overthrow

[ verb oh-ver-throh; noun oh-ver-throh ]
/ verb ˌoʊ vərˈθroʊ; noun ˈoʊ vərˌθroʊ /

verb (used with object), o·ver·threw, o·ver·thrown, o·ver·throw·ing.

verb (used without object), o·ver·threw, o·ver·thrown, o·ver·throw·ing.

to throw too far: If I hadn't overthrown, it would have been a sure putout.

noun

QUIZZES

HEED THE VOX POPULI, AND TAKE THIS WORD OF THE DAY QUIZ!

Test your memory on these verbal firecrackers from the week of June 29 to July 5!
Question 1 of 7
anchorite

Origin of overthrow

Middle English word dating back to 1300–50; see origin at over-, throw

OTHER WORDS FROM overthrow

o·ver·throw·er, nounpre·o·ver·throw, nounpre·o·ver·throw, verb (used with object), pre·o·ver·threw, pre·o·ver·thrown, pre·o·ver·throw·ing.un·o·ver·thrown, adjective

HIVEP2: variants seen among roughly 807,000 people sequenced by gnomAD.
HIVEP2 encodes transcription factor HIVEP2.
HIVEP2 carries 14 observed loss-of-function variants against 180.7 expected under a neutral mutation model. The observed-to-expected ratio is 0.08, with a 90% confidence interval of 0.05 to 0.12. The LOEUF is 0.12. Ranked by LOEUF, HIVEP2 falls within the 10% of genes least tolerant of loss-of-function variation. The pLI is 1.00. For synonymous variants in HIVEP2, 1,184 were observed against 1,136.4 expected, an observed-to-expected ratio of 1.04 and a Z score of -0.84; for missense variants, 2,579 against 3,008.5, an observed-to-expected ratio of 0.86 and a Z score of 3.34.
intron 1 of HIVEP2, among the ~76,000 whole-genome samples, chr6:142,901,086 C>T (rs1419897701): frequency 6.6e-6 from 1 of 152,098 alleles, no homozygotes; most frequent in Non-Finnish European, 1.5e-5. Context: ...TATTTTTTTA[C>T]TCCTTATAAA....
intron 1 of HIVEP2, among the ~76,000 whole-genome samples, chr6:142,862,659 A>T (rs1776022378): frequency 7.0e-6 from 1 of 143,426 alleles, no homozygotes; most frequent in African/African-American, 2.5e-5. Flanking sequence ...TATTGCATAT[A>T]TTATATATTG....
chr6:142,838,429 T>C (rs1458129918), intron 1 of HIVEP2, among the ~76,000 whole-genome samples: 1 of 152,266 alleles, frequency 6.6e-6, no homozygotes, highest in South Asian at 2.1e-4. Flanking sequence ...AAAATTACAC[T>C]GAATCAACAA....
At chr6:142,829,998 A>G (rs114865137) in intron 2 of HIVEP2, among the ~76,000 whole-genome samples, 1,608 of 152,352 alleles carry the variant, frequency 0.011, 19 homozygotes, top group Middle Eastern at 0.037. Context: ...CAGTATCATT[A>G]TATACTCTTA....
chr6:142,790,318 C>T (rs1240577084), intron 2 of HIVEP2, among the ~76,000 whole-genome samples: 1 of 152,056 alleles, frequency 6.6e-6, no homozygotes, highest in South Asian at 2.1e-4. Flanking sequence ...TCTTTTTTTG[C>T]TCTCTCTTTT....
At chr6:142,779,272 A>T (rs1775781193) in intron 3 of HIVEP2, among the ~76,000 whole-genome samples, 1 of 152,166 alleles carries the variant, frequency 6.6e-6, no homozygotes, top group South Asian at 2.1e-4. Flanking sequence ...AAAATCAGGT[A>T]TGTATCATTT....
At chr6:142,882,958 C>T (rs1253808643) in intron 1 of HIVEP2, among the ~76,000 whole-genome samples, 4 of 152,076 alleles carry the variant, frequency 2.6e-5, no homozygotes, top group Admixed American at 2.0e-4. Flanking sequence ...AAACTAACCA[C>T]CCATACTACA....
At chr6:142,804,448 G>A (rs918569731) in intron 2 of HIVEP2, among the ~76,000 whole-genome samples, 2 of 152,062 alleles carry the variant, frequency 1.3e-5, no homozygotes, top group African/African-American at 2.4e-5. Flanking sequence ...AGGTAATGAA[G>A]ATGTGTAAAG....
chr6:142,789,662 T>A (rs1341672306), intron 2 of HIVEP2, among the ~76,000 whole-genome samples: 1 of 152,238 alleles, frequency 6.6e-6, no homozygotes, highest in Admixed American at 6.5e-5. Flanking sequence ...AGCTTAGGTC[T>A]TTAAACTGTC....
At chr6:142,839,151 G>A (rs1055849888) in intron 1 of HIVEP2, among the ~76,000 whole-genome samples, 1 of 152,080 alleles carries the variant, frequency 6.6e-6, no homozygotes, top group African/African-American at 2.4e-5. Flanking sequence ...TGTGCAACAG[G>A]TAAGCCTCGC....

Dictionary.com Unabridged Based on the Random House Unabridged Dictionary, © Random House, Inc. 2020

Example sentences from the Web for overthrow

British Dictionary definitions for overthrow

overthrow

verb (ˌəʊvəˈθrəʊ) -throws, -throwing, -threw or -thrown

(tr) to effect the downfall or destruction of (a ruler, institution, etc), esp by force
(tr) to throw or turn over
(tr) to throw (something, esp a ball) too far

noun (ˈəʊvəˌθrəʊ)

an act of overthrowing
downfall; destruction
cricket
  1. a ball thrown back too far by a fielder
  2. a run scored because of this
Collins English Dictionary - Complete & Unabridged 2012 Digital Edition © William Collins Sons & Co. Ltd. 1979, 1986 © HarperCollins Publishers 1998, 2000, 2003, 2005, 2006, 2007, 2009, 2012